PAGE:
Vaping, E-Cigarettes and Schizophrenia

by Marvin Ross

A number of times over the past few years, I’ve written about the need for people with schizophrenia to smoke. Yes, it is dangerous to their physical health but it does help calm their brains. I’ve also written about the cruelty of hospitals that do not accommodate smokers with serious mental illness. It would not be that difficult but they refuse and, in one case, patients cannot even possess tobacco.

As a healthier alternative, I’ve suggested e-cigarettes that provide the needed nicotine but by the safer alternative of vaping. E-cigarettes enables  smokers to get their nicotine fix without the dangerous chemical byproducts of burning tobacco. Now, thanks to the FDA and the CDC, that option appears to be on the way out. Fortunately, Health Canada is reserving judgment and I hope that good sense and science will prevail.

At issue is the increase in the number of young people vaping who are developing serious lung problems resulting in seven cases, at time of writing, of death. We are now looking at a ban on e-cigarettes which would be throwing the baby out with the bathwater.

Vaping nicotine should not be done by young people who do not smoke cigarettes nor should they be vaping coloured, flavoured products as it can lead to smoking. But, vaping nicotine may either help people who want to quit or be a healthier substitute for smoking cigarettes. An English study from 2018 found that “e-cigarettes may be a unique harm reduction innovation for smoking relapse prevention. E-cigarettes meet the needs of some ex-smokers by substituting physical, psychological, social, cultural and identity-related aspects of tobacco addiction.”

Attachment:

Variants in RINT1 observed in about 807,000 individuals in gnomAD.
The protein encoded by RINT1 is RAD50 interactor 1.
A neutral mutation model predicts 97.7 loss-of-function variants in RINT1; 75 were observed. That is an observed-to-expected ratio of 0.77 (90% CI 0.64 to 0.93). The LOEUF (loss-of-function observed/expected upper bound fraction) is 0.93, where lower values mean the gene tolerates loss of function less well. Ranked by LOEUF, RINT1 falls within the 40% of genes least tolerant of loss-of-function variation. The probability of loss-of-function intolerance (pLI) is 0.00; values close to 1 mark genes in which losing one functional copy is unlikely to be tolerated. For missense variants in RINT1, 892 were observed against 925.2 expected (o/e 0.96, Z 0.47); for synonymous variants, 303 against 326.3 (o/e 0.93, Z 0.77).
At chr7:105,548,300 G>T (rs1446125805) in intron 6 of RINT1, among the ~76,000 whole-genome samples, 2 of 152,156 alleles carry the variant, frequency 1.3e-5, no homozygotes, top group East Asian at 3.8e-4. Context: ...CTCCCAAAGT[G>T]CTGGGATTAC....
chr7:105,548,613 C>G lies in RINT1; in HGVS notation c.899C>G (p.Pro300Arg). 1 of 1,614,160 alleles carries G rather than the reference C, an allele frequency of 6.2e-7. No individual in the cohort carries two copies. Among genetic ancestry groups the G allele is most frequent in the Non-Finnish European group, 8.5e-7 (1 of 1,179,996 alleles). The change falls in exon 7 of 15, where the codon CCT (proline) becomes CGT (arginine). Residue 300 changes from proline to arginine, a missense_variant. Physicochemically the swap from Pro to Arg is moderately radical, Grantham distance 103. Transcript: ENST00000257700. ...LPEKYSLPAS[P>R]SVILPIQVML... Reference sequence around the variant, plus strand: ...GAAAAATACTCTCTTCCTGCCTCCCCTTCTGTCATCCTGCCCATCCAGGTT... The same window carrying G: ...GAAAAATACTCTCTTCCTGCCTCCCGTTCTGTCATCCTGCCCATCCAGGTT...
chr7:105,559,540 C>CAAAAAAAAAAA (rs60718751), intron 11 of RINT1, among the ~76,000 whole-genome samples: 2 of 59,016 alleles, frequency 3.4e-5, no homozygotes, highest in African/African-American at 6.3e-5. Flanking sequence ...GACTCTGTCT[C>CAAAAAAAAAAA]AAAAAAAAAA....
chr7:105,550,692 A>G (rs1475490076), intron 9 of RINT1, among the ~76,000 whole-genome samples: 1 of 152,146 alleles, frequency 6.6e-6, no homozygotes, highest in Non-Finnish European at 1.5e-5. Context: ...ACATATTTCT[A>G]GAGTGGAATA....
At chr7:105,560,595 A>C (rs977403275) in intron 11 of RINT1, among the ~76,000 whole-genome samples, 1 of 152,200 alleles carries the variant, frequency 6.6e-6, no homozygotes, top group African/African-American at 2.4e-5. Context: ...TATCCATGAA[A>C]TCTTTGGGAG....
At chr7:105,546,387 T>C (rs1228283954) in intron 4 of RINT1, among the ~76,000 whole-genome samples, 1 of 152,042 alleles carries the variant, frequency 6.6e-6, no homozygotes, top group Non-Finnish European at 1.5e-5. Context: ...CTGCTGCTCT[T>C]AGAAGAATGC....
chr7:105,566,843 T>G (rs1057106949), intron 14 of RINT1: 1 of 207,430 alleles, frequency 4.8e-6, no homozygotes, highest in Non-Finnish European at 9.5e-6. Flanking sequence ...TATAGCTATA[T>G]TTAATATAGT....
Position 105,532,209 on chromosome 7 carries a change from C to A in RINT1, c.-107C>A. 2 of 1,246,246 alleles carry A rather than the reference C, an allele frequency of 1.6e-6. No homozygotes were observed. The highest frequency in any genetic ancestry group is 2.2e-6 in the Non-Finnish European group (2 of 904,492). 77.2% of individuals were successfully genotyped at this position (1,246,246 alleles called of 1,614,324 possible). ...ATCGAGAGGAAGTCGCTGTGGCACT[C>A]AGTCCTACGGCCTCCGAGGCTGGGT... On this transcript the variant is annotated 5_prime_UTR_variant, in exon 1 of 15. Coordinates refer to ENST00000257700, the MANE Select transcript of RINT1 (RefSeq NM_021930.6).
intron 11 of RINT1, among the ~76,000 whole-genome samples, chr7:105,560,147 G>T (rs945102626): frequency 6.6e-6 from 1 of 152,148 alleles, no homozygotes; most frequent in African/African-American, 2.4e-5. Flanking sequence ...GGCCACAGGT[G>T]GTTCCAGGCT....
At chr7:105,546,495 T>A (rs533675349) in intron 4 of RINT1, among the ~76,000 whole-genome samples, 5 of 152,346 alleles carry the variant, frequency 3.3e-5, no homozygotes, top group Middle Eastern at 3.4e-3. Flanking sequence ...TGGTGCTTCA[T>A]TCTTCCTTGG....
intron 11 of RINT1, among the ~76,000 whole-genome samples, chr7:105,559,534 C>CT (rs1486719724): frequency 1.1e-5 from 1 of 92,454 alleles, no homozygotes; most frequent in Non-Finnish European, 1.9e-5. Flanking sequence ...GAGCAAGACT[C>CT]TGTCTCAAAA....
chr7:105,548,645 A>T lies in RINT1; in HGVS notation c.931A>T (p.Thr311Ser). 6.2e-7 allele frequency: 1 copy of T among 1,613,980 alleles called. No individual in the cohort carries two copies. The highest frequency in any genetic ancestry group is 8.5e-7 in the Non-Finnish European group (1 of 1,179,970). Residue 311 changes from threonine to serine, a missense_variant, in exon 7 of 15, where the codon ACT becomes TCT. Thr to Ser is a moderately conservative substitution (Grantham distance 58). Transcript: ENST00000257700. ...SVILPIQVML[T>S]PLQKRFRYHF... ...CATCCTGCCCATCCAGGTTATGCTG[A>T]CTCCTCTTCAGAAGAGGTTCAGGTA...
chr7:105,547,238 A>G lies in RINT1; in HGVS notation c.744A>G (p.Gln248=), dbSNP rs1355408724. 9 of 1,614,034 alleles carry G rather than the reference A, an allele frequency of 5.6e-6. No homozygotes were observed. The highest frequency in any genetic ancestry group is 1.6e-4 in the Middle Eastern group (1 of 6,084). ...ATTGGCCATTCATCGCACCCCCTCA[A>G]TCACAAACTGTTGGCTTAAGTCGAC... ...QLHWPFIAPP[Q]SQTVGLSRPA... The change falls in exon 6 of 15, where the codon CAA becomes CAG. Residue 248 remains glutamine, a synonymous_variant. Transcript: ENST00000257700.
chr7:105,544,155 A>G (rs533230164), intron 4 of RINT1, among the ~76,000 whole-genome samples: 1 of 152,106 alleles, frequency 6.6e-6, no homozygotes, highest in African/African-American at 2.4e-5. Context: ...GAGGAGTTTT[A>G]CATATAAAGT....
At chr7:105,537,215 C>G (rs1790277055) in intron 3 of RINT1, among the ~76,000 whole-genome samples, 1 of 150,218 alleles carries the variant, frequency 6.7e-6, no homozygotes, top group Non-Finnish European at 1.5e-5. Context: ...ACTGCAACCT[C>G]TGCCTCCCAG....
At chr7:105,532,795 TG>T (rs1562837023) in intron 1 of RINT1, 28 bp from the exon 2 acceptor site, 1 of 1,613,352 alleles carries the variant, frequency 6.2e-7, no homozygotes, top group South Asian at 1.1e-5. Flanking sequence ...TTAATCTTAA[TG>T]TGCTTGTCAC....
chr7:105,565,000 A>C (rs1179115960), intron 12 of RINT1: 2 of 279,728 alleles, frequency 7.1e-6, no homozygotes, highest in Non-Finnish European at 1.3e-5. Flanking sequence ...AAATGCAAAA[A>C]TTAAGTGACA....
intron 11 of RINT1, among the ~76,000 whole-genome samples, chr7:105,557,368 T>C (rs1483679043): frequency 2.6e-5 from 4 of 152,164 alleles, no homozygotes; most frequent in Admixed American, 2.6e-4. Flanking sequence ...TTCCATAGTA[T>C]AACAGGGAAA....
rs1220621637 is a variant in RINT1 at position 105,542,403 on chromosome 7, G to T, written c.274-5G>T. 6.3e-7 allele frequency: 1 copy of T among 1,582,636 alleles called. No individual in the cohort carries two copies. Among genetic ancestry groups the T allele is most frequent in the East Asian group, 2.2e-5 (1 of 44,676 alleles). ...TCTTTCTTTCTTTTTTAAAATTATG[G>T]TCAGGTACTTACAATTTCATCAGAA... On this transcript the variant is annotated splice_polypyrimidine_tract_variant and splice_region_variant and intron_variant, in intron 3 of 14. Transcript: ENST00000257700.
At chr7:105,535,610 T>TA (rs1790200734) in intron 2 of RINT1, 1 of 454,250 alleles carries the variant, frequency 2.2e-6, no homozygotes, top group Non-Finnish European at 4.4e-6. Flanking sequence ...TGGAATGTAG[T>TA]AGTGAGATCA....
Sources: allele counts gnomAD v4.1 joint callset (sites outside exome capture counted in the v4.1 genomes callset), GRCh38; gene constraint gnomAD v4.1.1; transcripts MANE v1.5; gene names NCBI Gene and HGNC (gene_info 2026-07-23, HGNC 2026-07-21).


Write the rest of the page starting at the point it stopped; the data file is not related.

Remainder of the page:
The National Health Service (NHS) in the UK found “E-cigarettes are 95% less harmful than tobacco and could be prescribed on the NHS in future to help smokers quit,” But what about the lung damage and deaths? According to Alex Bezerow, vice president of scientific affairs for the American Council on Science and Health (ACSH), the damages and deaths caused by vaping were the result of people vaping THC infused oil that they got from the street. “THC is not soluble in water, so it has to be dissolved in oil. The oil of choice is vitamin E acetate” and “Inhaled oil can trigger lipoid pneumonia.”

As these products are purchased from the black market, they may contain other impurities. The FDA and the CDC, he suggests, are allowing myths and fear-mongering to govern their policies. If you are interested in the chemistry of how this damage and deaths is coming about, then Dr Josh Bloom with ACSH provides a simple explanation of the process. If nothing else, Bloom explains how PEZ was initially developed as a means to help people quit smoking.